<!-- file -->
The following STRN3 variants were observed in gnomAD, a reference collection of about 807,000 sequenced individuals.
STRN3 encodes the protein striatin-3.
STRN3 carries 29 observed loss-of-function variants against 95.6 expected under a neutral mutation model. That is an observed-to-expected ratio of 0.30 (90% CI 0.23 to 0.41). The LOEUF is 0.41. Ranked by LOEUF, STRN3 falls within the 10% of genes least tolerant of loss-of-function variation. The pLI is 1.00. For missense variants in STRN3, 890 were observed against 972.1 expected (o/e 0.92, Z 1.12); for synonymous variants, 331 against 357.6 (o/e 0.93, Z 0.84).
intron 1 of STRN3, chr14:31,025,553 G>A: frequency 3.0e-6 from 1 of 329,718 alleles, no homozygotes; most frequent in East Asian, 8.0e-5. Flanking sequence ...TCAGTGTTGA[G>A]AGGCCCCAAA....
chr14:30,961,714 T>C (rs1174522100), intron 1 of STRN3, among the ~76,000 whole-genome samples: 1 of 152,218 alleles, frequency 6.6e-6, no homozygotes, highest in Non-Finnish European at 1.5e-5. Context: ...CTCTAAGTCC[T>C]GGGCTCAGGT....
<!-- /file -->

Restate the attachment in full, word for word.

The following STRN3 variants were observed in gnomAD, a reference collection of about 807,000 sequenced individuals.
STRN3 encodes the protein striatin-3.
STRN3 carries 29 observed loss-of-function variants against 95.6 expected under a neutral mutation model. That is an observed-to-expected ratio of 0.30 (90% CI 0.23 to 0.41). The LOEUF is 0.41. Ranked by LOEUF, STRN3 falls within the 10% of genes least tolerant of loss-of-function variation. The pLI is 1.00. For missense variants in STRN3, 890 were observed against 972.1 expected (o/e 0.92, Z 1.12); for synonymous variants, 331 against 357.6 (o/e 0.93, Z 0.84).
intron 1 of STRN3, chr14:31,025,553 G>A: frequency 3.0e-6 from 1 of 329,718 alleles, no homozygotes; most frequent in East Asian, 8.0e-5. Flanking sequence ...TCAGTGTTGA[G>A]AGGCCCCAAA....
chr14:30,961,714 T>C (rs1174522100), intron 1 of STRN3, among the ~76,000 whole-genome samples: 1 of 152,218 alleles, frequency 6.6e-6, no homozygotes, highest in Non-Finnish European at 1.5e-5. Context: ...CTCTAAGTCC[T>C]GGGCTCAGGT....